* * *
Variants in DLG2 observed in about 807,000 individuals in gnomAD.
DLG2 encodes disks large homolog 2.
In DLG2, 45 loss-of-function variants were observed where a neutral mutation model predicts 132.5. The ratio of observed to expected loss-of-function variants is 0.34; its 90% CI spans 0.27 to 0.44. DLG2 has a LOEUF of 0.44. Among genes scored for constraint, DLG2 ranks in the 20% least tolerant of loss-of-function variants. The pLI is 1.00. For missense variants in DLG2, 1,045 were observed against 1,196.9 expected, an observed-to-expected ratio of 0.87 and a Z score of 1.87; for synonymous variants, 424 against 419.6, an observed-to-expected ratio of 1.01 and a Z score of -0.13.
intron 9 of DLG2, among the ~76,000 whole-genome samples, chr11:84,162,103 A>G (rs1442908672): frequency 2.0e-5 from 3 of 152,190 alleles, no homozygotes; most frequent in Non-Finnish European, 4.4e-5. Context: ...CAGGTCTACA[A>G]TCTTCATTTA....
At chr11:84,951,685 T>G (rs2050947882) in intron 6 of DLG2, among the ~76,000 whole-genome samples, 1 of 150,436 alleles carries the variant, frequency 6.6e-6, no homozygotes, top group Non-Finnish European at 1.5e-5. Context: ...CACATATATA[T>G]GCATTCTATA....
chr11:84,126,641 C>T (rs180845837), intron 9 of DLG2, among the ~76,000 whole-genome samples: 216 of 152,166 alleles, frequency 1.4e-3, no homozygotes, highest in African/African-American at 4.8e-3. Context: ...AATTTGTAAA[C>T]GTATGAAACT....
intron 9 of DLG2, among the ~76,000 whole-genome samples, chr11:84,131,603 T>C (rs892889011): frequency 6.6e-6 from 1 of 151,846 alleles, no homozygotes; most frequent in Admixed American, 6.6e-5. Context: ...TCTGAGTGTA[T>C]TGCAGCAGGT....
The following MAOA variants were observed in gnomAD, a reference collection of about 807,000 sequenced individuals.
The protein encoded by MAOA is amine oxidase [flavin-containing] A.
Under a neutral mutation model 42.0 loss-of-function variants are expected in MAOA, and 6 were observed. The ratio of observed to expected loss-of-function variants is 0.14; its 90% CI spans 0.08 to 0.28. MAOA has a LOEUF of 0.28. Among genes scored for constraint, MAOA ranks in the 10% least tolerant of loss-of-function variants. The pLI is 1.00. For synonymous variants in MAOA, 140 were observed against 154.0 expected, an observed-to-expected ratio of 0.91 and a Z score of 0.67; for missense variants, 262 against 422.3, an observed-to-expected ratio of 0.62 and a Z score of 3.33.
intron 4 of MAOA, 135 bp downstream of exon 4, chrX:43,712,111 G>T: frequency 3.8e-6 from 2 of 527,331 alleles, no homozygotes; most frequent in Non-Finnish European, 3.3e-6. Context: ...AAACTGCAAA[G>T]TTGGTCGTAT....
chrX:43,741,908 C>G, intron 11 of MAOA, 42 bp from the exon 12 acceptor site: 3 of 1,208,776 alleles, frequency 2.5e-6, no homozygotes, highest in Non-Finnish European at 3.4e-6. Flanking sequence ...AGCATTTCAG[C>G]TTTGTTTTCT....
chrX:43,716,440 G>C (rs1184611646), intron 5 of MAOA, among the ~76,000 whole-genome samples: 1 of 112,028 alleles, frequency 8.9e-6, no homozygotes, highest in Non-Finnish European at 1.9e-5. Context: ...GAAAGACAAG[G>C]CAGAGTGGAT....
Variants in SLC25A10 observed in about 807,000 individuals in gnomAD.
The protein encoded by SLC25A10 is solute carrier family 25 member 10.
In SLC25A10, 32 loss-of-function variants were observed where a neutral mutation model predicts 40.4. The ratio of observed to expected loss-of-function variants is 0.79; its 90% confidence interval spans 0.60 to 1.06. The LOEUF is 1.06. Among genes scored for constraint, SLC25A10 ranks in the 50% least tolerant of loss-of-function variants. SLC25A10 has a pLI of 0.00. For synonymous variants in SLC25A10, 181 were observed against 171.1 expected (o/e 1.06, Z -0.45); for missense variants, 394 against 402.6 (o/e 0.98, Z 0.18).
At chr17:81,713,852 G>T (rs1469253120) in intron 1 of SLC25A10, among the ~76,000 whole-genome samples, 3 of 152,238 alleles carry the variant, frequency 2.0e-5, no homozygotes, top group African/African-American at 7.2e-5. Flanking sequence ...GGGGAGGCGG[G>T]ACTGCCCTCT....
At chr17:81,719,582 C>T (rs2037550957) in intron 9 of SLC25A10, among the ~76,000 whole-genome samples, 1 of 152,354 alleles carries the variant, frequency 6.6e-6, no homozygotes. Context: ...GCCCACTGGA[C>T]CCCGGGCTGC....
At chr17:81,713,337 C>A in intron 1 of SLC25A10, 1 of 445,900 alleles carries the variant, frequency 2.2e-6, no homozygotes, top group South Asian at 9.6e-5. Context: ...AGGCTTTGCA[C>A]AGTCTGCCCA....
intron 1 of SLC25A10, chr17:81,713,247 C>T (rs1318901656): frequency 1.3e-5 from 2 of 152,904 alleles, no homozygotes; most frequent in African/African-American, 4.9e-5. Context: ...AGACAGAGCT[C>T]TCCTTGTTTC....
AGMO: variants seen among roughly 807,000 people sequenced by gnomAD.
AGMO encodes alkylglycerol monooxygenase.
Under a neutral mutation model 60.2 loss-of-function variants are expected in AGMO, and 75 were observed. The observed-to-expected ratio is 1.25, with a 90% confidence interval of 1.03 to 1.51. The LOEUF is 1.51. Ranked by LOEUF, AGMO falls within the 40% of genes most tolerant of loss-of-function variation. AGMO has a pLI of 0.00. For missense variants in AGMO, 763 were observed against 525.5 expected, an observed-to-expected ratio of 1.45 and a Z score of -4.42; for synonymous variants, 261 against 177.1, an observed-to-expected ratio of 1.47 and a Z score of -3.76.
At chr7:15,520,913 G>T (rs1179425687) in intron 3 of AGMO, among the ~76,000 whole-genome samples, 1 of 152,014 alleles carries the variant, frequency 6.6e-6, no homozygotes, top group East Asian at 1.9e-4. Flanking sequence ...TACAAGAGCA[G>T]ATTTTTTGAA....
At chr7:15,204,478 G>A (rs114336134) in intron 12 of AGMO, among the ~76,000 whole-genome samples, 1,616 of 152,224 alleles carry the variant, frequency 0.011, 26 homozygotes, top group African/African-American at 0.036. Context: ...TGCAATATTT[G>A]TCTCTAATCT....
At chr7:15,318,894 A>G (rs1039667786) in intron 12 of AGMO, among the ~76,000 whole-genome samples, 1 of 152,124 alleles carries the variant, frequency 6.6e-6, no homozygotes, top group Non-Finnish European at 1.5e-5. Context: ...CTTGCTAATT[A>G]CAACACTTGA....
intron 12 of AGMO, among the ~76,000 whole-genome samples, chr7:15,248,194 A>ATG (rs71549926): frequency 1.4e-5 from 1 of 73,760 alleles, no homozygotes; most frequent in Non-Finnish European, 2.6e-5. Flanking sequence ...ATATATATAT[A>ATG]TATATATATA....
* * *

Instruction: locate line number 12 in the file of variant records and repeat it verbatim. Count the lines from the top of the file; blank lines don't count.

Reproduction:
chrX:43,741,908 C>G, intron 11 of MAOA, 42 bp from the exon 12 acceptor site: 3 of 1,208,776 alleles, frequency 2.5e-6, no homozygotes, highest in Non-Finnish European at 3.4e-6. Flanking sequence ...AGCATTTCAG[C>G]TTTGTTTTCT....